Contemporary historians who stated that William visited England in 1051 include Wace, William de Poitiers, William de Jumièges and Orderic Vitalis

Most of the best respected and esteemed secondary source scholars of the last century state or believe that William was not only promised the English crown by Edward (in 1051), but that the Norman duke did visit Edward in 1051, these include;-

David Bates; Terence Wise; Dr. David Starkey; David Crouch; Sir Francis Palgrave; Michel de Bouard; Edward Freeman and Sir Frank Stenton [: -) and Helen Hollick!]

Elisabeth Van Houts and Michael Wood are undecided, whereas those who believe that William did not visit in 1051, due to the duchy being threatened by France and Anjou (as well as William's own rebellious family) include;-

Prof Frank Barlow (who describes Duke William as “a youthful count of little note”); Norman authority David C. Douglas and N. J. Higham, but I'll leave it to Emma Mason to describe the Norman (non?) event...

"The Norman claim to the succession to the English throne originated in opportunism and is riddled with inconsistencies.  It would be unrealistic to suppose that King Edward, in consultation with his leading counsellors, offered Wulfnoth and Hakon - and only them - as hostages to ensure the fulfilment of a promise supposedly made by him with the consent of the witan, as William of Poitiers claimed after the Norman conquest.

Any English hostages would include kinsmen both of the king himself and of the other leading magnates. But if Edward really gave hostages as a guarantee of his good faith in bequeathing the throne to William, this implied that he was under constraint to make the promise. There is no reason to believe that this was the case. On the contrary, in the highly unlikely event that King Edward did promise the succession to William, any hostages would have been required of the duke, to guarantee his good faith that he would not try to take over the kingdom in Edward's lifetime. There is no logical reason why the king should have made any such promise."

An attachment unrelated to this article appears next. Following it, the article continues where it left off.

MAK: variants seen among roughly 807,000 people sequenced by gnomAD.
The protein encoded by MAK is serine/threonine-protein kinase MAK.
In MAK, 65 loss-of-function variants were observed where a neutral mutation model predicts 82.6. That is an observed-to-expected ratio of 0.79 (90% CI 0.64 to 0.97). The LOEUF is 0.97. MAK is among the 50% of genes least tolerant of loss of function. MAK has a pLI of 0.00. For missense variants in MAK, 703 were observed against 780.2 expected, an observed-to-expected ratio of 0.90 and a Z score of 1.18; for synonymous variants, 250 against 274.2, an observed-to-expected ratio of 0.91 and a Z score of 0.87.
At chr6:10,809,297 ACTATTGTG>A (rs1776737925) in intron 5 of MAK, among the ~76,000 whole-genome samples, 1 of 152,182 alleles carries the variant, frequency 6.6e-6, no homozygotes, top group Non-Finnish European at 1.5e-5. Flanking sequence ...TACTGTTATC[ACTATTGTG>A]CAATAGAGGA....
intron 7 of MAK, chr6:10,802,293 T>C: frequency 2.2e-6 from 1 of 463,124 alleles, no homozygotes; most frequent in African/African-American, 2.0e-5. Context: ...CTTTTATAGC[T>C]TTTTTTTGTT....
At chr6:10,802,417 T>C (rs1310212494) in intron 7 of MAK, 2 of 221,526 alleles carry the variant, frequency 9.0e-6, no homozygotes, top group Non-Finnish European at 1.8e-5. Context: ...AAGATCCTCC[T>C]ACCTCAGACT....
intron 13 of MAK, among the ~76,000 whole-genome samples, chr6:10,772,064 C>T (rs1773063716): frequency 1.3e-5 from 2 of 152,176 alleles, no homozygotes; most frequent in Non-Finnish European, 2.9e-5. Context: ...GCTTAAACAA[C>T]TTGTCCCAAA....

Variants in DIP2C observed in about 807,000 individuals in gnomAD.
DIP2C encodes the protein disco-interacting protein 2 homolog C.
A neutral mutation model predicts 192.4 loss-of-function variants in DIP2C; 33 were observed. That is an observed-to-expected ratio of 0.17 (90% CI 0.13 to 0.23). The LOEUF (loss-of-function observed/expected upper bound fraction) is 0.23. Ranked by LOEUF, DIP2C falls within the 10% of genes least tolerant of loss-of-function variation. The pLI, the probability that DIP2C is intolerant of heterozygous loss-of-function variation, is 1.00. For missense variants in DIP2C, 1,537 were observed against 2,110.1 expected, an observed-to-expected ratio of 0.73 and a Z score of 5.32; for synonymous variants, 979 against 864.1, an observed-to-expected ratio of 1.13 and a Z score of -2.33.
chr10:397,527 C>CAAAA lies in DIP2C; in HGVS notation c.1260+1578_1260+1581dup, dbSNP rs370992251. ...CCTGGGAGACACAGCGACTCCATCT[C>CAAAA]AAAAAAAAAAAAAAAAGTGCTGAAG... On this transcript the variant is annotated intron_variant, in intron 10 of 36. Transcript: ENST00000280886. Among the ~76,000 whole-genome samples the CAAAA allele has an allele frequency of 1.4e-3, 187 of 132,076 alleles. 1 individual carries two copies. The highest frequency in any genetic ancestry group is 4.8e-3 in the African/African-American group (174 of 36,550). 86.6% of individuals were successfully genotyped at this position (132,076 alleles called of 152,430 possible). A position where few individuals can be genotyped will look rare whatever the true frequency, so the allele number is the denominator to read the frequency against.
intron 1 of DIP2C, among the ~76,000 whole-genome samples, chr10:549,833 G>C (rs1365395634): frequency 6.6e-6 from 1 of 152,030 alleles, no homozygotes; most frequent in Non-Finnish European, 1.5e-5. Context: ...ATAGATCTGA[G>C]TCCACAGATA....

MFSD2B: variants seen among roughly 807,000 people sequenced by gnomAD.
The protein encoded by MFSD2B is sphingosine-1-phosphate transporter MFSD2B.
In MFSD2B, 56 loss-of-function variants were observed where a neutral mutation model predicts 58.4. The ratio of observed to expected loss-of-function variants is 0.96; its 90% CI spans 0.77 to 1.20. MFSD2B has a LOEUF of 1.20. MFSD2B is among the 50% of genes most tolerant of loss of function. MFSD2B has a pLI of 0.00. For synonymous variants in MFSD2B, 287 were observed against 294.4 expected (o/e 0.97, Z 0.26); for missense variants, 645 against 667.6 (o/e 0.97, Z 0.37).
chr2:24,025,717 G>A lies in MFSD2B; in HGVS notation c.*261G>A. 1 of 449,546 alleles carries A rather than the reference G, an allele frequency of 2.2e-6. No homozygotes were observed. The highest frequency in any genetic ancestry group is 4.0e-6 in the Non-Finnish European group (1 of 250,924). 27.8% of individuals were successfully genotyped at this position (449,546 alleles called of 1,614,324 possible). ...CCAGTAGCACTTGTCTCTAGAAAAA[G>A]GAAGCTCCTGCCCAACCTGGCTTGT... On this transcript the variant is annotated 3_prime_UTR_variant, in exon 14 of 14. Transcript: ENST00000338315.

(‘House of Godwin’')."

Addendum from Helen
I believe there is evidence to assume William did come to England in 1051. The big give away is his marriage to Mathilda of Flanders.  William wanted her as wife to form an alliance with Duke Baldwin (to ensure Baldwin supported Normandy.)

The Pope, however, was having none of it and refused to sanction the proposed betrothal. Does it not make logical sense that William would seek support for his marriage plans from anyone who had influence?

Edward, as a kinsman and as a person known to Baldwin – and a pious King respected by Holy Church  - would be a prime candidate.

Normandy was fairly settled at this time (at least settled enough for William to be making marriage plans) William did go to Flanders – so why not have a quick call into London on the way?
Makes perfect, logical sense to me.

The claim that Edward promised the throne was either a later good excuse for slaughtering England’s rightful King (Harold II) or I wouldn’t have put it past Edward to have said something entirely out of place which got somewhat misinterpreted by William